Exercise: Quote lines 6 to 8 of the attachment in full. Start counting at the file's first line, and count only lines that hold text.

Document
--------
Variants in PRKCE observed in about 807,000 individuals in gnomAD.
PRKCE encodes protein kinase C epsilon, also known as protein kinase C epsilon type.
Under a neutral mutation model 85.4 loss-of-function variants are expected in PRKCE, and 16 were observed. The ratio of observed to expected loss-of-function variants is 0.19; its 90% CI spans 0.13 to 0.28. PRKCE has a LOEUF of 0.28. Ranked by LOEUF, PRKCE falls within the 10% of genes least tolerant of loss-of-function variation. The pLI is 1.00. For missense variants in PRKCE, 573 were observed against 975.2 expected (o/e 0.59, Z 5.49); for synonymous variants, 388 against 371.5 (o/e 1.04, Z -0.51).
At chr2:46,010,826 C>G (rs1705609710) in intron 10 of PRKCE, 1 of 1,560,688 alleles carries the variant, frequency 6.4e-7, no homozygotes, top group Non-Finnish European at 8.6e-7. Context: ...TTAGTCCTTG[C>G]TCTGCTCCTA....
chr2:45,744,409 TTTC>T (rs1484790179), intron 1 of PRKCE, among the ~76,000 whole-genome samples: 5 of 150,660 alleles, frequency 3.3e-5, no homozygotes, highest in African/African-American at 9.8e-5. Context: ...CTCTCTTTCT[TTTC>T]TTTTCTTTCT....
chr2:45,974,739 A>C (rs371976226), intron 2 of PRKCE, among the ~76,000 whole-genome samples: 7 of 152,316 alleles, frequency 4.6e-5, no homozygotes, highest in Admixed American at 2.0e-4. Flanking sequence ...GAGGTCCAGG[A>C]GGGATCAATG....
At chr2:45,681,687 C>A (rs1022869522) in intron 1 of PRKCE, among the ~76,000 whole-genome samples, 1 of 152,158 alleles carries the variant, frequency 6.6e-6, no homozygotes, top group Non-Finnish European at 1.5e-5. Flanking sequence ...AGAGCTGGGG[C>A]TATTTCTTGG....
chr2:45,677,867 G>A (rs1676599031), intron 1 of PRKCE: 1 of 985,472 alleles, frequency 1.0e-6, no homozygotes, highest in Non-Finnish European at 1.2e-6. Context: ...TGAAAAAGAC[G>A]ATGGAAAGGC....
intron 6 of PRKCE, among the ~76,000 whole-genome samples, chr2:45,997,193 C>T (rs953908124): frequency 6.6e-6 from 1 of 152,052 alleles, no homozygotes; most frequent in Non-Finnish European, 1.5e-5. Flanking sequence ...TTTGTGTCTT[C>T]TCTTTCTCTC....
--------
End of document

chr2:45,974,739 A>C (rs371976226), intron 2 of PRKCE, among the ~76,000 whole-genome samples: 7 of 152,316 alleles, frequency 4.6e-5, no homozygotes, highest in Admixed American at 2.0e-4. Flanking sequence ...GAGGTCCAGG[A>C]GGGATCAATG....
At chr2:45,681,687 C>A (rs1022869522) in intron 1 of PRKCE, among the ~76,000 whole-genome samples, 1 of 152,158 alleles carries the variant, frequency 6.6e-6, no homozygotes, top group Non-Finnish European at 1.5e-5. Flanking sequence ...AGAGCTGGGG[C>A]TATTTCTTGG....
chr2:45,677,867 G>A (rs1676599031), intron 1 of PRKCE: 1 of 985,472 alleles, frequency 1.0e-6, no homozygotes, highest in Non-Finnish European at 1.2e-6. Context: ...TGAAAAAGAC[G>A]ATGGAAAGGC....